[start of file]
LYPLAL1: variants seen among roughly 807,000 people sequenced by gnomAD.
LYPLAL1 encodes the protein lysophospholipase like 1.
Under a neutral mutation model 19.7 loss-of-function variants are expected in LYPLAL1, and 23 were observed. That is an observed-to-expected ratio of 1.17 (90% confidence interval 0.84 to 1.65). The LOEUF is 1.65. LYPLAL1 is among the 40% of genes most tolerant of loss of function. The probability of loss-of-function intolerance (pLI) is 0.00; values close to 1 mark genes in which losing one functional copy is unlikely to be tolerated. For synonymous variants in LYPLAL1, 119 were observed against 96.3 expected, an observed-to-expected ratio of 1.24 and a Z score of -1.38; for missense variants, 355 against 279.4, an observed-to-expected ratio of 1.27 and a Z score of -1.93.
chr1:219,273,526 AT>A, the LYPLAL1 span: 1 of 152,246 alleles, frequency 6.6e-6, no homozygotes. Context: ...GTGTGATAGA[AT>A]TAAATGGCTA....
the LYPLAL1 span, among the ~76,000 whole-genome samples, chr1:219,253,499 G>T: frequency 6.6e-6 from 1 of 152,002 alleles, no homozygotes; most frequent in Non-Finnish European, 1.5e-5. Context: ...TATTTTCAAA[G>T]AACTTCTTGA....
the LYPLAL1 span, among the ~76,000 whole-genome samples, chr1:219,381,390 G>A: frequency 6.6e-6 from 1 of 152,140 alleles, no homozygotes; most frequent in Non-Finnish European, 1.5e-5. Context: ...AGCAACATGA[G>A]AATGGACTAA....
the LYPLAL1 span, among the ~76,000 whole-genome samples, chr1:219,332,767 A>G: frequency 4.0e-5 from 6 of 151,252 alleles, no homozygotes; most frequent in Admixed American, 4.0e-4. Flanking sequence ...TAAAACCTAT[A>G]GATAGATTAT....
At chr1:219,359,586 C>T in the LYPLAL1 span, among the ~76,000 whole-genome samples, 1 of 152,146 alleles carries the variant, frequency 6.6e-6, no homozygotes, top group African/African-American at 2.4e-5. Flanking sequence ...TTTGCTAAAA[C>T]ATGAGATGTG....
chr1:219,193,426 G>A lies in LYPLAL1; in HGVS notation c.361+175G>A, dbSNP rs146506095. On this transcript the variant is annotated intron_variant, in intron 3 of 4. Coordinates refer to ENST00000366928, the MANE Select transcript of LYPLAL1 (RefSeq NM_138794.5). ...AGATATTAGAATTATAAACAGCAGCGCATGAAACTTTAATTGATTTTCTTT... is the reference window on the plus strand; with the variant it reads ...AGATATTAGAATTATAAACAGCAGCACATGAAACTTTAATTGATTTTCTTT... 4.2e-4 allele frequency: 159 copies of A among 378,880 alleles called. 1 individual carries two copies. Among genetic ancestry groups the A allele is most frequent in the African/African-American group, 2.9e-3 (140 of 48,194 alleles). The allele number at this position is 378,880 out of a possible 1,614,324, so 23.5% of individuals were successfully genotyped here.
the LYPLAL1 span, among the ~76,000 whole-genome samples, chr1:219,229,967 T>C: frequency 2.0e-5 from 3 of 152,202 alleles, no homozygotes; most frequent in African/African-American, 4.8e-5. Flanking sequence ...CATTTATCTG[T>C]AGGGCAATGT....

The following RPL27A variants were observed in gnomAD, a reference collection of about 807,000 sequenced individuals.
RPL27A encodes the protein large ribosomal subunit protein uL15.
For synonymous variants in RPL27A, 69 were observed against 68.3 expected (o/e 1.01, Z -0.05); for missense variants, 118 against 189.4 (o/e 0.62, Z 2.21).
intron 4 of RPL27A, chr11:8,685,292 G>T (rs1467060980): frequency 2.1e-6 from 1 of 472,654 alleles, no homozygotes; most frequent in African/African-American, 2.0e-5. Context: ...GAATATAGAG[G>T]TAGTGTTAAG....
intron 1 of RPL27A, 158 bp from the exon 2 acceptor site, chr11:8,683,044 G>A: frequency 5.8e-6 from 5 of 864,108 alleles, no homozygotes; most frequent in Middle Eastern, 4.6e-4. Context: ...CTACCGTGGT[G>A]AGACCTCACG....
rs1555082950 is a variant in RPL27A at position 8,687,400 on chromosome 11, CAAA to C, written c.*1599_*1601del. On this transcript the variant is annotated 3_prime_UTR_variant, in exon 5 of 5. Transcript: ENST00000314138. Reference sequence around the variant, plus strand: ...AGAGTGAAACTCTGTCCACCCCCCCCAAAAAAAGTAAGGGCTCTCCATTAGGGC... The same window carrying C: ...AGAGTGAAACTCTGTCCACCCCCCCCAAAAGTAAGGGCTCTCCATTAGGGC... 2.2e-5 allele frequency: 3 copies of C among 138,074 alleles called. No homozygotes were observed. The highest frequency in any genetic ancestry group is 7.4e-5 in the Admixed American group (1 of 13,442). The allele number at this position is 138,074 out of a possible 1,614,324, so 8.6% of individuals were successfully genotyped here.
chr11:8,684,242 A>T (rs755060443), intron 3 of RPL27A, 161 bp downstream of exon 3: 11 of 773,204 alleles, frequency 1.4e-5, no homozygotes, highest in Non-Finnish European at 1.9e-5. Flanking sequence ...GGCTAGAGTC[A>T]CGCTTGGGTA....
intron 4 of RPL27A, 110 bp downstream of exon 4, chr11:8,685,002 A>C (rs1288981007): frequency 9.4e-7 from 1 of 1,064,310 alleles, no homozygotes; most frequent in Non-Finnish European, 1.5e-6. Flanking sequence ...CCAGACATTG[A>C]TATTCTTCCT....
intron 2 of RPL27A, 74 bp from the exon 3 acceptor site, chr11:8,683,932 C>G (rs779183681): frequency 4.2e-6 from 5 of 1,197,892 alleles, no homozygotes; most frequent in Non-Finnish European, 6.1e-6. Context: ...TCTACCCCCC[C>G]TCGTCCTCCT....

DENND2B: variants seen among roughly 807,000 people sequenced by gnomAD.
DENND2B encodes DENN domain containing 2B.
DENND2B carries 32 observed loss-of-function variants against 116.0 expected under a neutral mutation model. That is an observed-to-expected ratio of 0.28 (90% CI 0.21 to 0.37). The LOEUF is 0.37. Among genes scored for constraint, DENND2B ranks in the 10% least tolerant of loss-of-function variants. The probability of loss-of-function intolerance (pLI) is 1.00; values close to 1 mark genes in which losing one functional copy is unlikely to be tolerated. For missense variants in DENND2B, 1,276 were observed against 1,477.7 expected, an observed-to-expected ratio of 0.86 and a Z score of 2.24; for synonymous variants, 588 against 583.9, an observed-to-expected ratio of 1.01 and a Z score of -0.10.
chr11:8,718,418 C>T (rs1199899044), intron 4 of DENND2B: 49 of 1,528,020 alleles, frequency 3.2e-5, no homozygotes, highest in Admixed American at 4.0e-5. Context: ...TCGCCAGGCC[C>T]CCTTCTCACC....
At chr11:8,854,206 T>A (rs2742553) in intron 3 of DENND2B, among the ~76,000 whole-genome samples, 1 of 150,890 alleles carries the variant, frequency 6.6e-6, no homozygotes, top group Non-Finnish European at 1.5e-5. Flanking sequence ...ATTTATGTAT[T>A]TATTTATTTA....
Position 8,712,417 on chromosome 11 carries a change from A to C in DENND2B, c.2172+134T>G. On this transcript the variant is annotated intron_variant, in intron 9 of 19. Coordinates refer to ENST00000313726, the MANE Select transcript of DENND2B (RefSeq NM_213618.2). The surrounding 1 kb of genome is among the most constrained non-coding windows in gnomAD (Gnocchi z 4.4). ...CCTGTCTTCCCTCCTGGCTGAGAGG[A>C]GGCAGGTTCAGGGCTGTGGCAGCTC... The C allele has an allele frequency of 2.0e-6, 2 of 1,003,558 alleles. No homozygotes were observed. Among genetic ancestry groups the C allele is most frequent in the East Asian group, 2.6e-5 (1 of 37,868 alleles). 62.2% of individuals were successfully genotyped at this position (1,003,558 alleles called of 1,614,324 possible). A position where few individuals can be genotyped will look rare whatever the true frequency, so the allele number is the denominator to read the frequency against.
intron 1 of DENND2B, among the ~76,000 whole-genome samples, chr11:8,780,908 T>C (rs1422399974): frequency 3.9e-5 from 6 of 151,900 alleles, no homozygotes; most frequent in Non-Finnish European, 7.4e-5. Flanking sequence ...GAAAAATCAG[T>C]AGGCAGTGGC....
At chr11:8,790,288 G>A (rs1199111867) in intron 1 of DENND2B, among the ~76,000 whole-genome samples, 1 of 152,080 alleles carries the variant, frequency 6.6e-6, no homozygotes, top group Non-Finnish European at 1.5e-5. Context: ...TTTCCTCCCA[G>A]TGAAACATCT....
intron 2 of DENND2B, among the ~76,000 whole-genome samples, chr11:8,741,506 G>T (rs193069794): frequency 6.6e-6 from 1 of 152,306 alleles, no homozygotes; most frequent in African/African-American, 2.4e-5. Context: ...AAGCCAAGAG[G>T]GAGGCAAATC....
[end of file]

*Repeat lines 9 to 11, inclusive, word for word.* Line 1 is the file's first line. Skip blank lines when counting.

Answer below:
chr1:219,193,426 G>A lies in LYPLAL1; in HGVS notation c.361+175G>A, dbSNP rs146506095. On this transcript the variant is annotated intron_variant, in intron 3 of 4. Coordinates refer to ENST00000366928, the MANE Select transcript of LYPLAL1 (RefSeq NM_138794.5). ...AGATATTAGAATTATAAACAGCAGCGCATGAAACTTTAATTGATTTTCTTT... is the reference window on the plus strand; with the variant it reads ...AGATATTAGAATTATAAACAGCAGCACATGAAACTTTAATTGATTTTCTTT... 4.2e-4 allele frequency: 159 copies of A among 378,880 alleles called. 1 individual carries two copies. Among genetic ancestry groups the A allele is most frequent in the African/African-American group, 2.9e-3 (140 of 48,194 alleles). The allele number at this position is 378,880 out of a possible 1,614,324, so 23.5% of individuals were successfully genotyped here.
the LYPLAL1 span, among the ~76,000 whole-genome samples, chr1:219,229,967 T>C: frequency 2.0e-5 from 3 of 152,202 alleles, no homozygotes; most frequent in African/African-American, 4.8e-5. Flanking sequence ...CATTTATCTG[T>C]AGGGCAATGT....

The following RPL27A variants were observed in gnomAD, a reference collection of about 807,000 sequenced individuals.